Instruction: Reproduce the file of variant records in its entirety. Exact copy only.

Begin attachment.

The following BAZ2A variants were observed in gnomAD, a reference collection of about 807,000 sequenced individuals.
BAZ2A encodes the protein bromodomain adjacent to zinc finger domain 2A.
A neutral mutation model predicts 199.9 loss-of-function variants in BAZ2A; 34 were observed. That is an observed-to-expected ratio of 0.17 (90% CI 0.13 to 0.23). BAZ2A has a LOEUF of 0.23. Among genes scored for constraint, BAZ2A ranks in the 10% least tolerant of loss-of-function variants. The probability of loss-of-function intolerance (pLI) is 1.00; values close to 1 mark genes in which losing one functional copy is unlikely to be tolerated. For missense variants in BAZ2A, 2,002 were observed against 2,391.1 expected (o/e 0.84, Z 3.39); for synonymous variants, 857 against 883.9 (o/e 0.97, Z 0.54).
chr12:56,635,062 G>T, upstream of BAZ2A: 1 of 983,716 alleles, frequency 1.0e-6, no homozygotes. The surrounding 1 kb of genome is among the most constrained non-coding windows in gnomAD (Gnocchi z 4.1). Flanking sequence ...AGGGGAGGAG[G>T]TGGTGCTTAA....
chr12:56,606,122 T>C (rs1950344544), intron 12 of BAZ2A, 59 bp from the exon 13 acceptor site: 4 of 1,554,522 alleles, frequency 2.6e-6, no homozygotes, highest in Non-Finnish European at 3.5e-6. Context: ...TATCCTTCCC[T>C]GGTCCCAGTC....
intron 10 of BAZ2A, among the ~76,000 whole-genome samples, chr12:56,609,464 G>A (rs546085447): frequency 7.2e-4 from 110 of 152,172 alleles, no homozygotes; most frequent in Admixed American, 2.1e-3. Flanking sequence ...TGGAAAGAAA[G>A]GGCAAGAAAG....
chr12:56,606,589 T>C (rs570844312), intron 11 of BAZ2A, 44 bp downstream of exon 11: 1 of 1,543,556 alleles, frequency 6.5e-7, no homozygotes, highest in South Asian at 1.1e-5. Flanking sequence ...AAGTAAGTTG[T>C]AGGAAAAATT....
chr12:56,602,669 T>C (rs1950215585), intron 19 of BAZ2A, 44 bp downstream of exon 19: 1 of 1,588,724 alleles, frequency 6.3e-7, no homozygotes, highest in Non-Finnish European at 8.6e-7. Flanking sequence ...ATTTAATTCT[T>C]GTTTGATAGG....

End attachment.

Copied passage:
The following BAZ2A variants were observed in gnomAD, a reference collection of about 807,000 sequenced individuals.
BAZ2A encodes the protein bromodomain adjacent to zinc finger domain 2A.
A neutral mutation model predicts 199.9 loss-of-function variants in BAZ2A; 34 were observed. That is an observed-to-expected ratio of 0.17 (90% CI 0.13 to 0.23). BAZ2A has a LOEUF of 0.23. Among genes scored for constraint, BAZ2A ranks in the 10% least tolerant of loss-of-function variants. The probability of loss-of-function intolerance (pLI) is 1.00; values close to 1 mark genes in which losing one functional copy is unlikely to be tolerated. For missense variants in BAZ2A, 2,002 were observed against 2,391.1 expected (o/e 0.84, Z 3.39); for synonymous variants, 857 against 883.9 (o/e 0.97, Z 0.54).
chr12:56,635,062 G>T, upstream of BAZ2A: 1 of 983,716 alleles, frequency 1.0e-6, no homozygotes. The surrounding 1 kb of genome is among the most constrained non-coding windows in gnomAD (Gnocchi z 4.1). Flanking sequence ...AGGGGAGGAG[G>T]TGGTGCTTAA....
chr12:56,606,122 T>C (rs1950344544), intron 12 of BAZ2A, 59 bp from the exon 13 acceptor site: 4 of 1,554,522 alleles, frequency 2.6e-6, no homozygotes, highest in Non-Finnish European at 3.5e-6. Context: ...TATCCTTCCC[T>C]GGTCCCAGTC....
intron 10 of BAZ2A, among the ~76,000 whole-genome samples, chr12:56,609,464 G>A (rs546085447): frequency 7.2e-4 from 110 of 152,172 alleles, no homozygotes; most frequent in Admixed American, 2.1e-3. Flanking sequence ...TGGAAAGAAA[G>A]GGCAAGAAAG....
chr12:56,606,589 T>C (rs570844312), intron 11 of BAZ2A, 44 bp downstream of exon 11: 1 of 1,543,556 alleles, frequency 6.5e-7, no homozygotes, highest in South Asian at 1.1e-5. Flanking sequence ...AAGTAAGTTG[T>C]AGGAAAAATT....
chr12:56,602,669 T>C (rs1950215585), intron 19 of BAZ2A, 44 bp downstream of exon 19: 1 of 1,588,724 alleles, frequency 6.3e-7, no homozygotes, highest in Non-Finnish European at 8.6e-7. Flanking sequence ...ATTTAATTCT[T>C]GTTTGATAGG....